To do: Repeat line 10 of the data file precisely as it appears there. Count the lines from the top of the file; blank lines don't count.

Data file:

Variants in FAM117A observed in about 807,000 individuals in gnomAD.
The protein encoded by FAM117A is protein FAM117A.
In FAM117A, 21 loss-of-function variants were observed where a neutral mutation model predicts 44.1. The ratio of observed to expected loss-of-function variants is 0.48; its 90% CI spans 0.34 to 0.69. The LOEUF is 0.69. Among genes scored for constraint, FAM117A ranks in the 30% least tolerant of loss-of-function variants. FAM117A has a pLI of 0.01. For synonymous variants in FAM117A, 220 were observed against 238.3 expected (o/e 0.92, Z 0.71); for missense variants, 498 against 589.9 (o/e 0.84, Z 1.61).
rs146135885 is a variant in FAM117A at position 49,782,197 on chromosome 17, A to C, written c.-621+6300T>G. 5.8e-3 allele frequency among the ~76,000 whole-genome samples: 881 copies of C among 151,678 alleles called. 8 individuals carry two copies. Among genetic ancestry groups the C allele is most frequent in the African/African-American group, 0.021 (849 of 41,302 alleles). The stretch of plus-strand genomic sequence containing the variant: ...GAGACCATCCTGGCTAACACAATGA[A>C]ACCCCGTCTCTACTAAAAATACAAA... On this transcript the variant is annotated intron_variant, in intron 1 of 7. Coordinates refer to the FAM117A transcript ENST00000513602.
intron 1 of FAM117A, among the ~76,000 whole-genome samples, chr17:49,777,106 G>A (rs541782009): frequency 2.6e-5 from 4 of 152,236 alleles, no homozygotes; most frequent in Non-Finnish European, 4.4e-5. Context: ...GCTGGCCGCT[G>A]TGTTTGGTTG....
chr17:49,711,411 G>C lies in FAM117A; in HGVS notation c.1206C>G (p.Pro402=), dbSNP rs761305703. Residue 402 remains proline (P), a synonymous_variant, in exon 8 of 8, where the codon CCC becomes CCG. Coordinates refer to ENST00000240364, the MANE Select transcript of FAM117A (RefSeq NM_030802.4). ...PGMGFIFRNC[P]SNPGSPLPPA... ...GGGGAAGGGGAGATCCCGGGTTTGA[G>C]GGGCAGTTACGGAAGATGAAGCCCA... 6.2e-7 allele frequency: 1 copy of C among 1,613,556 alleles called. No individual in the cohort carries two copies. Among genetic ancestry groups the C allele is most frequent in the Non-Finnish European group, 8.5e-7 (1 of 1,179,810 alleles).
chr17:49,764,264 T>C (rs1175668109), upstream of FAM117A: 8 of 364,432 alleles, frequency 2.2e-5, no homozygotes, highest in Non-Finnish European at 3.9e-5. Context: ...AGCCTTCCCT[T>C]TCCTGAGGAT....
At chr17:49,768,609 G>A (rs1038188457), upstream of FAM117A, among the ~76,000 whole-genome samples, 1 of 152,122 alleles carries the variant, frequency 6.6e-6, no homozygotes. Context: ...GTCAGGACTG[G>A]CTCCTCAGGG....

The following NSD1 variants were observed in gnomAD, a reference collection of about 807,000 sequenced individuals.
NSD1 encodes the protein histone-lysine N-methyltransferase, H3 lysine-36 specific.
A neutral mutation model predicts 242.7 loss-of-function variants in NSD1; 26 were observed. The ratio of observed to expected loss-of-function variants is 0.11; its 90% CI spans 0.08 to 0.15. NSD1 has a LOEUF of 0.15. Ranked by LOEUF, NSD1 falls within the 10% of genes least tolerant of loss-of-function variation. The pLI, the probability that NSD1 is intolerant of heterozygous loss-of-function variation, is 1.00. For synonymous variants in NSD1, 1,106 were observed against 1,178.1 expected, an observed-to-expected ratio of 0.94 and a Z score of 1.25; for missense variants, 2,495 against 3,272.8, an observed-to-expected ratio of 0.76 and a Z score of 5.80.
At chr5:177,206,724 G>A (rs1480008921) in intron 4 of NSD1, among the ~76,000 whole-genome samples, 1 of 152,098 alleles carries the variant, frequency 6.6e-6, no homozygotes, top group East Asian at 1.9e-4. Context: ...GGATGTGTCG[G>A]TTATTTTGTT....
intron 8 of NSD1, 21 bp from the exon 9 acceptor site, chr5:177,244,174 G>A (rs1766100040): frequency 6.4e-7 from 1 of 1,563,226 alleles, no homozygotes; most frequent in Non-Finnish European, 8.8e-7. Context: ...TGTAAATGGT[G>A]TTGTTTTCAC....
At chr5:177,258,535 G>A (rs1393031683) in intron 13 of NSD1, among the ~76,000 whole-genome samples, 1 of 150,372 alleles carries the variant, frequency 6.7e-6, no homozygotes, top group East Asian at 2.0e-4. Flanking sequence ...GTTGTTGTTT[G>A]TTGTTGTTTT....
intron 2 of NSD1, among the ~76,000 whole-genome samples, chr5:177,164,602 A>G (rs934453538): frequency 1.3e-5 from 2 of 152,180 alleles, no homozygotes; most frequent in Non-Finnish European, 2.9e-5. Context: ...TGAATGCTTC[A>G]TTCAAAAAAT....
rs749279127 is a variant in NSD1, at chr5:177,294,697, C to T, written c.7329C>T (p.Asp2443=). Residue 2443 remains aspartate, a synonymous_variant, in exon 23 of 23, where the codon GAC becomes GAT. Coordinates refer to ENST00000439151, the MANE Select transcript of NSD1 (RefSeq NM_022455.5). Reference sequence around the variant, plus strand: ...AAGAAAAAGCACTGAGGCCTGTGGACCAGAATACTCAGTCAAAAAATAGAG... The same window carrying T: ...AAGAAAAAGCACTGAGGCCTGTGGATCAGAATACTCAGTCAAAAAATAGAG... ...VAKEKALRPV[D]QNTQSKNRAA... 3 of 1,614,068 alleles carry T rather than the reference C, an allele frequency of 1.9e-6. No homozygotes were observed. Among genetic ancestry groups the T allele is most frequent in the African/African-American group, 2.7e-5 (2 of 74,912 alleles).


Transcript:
NSD1 encodes the protein histone-lysine N-methyltransferase, H3 lysine-36 specific.